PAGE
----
India's financial sector priorities to remain unchanged: PM

India's financial sector priorities to remain unchanged: PM

"Financial inclusion, provision of long-term funding instruments for infrastructure, the development of liquid bond markets to improve monetary policy transmission, among others, were financial sector priorities in India before the crisis," Singh said in his intervention at the Summit of world's leading 20 economies yesterday.

"Nothing has happened in Indian financial markets or globally that warrants changing these priorities. We need to be sure that the regulatory reforms being introduced globally will not hamper this process," he added.

India's concerns were different, Singh said, adding, "the banking capital needs to be strengthened in India, this is not on account of higher risks but because credit is projected to expand at a very fast pace to feed the high real growth that we expect".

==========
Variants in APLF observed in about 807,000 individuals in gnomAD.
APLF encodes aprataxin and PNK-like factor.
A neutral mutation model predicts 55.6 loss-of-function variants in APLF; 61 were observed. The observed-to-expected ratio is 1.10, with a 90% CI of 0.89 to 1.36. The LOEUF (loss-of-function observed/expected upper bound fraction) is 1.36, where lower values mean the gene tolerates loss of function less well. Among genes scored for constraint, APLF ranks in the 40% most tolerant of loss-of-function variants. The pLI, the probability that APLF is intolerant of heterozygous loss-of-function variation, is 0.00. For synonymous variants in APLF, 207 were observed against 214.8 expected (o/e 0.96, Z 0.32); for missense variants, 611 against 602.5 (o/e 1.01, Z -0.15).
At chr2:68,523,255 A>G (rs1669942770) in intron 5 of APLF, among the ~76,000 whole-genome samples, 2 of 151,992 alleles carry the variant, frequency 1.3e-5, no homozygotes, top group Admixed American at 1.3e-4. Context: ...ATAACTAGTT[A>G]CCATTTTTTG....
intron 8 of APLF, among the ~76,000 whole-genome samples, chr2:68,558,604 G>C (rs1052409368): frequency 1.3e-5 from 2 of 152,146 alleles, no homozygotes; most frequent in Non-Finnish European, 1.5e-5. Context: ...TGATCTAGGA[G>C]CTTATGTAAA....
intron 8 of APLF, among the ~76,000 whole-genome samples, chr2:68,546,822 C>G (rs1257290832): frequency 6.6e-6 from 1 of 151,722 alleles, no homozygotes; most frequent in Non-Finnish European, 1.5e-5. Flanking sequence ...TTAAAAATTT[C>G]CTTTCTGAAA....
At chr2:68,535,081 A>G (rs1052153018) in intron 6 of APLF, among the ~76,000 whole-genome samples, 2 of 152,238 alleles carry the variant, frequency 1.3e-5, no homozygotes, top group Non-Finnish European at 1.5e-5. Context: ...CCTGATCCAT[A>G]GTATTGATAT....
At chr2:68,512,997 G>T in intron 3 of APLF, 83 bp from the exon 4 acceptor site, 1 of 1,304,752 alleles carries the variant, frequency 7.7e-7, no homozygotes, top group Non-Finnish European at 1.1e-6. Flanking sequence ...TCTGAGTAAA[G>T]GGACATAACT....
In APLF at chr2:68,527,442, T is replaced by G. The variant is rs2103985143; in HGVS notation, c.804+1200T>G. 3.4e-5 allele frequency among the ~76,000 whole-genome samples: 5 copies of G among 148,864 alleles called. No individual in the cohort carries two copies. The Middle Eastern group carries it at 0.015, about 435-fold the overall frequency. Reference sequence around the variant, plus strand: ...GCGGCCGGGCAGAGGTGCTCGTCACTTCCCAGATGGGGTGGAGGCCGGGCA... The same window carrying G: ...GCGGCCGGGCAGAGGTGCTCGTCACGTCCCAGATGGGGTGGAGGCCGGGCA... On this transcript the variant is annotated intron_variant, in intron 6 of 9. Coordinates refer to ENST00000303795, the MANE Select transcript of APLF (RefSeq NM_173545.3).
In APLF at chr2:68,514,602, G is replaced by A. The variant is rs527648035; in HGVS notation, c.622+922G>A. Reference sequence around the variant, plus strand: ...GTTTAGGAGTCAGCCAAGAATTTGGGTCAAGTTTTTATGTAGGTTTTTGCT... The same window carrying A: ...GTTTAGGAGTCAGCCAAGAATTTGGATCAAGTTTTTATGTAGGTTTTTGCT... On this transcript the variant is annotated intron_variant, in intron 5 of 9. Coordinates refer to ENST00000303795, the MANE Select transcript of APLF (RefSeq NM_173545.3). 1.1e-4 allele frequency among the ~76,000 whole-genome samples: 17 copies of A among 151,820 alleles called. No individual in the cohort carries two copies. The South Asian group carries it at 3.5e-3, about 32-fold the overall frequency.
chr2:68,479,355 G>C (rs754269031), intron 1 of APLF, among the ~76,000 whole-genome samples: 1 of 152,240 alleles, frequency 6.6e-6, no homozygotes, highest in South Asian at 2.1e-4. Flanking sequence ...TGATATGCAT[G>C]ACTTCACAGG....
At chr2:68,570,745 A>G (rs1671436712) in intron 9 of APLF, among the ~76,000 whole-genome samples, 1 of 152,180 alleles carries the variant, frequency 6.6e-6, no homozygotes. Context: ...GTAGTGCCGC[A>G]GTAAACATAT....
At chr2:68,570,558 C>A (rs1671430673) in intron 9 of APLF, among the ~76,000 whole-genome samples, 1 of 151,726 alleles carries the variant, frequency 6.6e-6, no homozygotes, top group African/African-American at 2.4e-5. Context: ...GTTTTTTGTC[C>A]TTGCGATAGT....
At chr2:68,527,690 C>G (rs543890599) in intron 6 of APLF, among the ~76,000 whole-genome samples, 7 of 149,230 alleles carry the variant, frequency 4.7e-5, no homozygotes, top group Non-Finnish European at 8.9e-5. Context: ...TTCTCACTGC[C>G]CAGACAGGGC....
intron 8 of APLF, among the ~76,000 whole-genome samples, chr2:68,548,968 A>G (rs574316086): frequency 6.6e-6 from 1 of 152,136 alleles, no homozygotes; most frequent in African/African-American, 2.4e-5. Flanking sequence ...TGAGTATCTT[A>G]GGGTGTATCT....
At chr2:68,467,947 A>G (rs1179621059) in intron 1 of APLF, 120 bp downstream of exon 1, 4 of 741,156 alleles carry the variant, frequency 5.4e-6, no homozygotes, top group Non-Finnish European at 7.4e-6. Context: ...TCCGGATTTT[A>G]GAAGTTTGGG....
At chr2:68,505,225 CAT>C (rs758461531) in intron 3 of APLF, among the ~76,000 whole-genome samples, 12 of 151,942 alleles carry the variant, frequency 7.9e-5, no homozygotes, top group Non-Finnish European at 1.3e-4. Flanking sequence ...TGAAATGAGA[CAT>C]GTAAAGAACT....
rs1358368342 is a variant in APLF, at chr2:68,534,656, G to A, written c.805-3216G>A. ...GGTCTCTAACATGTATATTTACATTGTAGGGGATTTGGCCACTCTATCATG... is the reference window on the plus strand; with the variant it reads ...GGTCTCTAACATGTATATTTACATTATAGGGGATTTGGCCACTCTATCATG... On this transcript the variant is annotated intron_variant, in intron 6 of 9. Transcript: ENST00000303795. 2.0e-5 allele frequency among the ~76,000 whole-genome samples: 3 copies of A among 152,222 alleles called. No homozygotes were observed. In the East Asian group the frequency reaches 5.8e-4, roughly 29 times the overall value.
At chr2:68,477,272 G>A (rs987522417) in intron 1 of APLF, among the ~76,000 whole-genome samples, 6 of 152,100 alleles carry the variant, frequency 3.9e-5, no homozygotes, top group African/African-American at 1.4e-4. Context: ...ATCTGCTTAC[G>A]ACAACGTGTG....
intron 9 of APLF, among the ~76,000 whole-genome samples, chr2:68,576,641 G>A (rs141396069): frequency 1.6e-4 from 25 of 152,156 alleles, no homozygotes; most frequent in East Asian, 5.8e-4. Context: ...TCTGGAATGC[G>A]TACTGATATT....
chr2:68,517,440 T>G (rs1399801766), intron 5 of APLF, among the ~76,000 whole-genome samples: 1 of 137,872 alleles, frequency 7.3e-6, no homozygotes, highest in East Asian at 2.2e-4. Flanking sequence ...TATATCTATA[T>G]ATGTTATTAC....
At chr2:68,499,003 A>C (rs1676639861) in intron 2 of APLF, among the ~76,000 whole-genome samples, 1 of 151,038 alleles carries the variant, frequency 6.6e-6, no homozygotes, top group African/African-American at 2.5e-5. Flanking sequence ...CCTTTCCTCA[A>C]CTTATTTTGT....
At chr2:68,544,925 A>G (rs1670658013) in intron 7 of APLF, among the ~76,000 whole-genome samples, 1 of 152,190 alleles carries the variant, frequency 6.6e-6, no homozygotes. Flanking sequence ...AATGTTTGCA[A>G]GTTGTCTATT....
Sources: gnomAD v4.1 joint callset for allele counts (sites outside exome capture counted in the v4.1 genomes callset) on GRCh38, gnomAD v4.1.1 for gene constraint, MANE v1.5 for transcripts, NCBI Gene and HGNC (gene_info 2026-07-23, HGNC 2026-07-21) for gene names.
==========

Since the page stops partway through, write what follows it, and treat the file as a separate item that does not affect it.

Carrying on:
Pointing out that tax payers and equity holders in case of the Indian PSU banking sector are the same, he said, "in this environment it is difficult to see why a financial sector tax, which would only raise the cost of capital even further, would be appropriate."

As regards the Indian economy, Singh said, "our economy has slowed down in the current year and GDP growth is likely to be between 7.6 and 8 per cent...We in India are taking steps to ensure a return to high growth.

"We hope to go back to higher growth in 2012-13, together with a moderation in inflation", he added.

"Our medium term strategy focuses on a revival of investment especially in infrastructure, and continuing efforts to reduce our fiscal deficit through improved revenue collection which is expected to come from tax reforms," Singh said.

The Prime Minister also warned that "prolonged" uncertainty and instability in Europe will hurt other countries too and suggested that the IMF can help rescue the situation.

Observing that everyone has a stake in the orderly functioning and prosperity of Europe, including the Eurozone countries, Singh said, "prolonged uncertainty and instability in the Eurozone countries can hurt us all. In an increasingly integrated world, all of us have a stake in the orderly functioning and prosperity of Europe."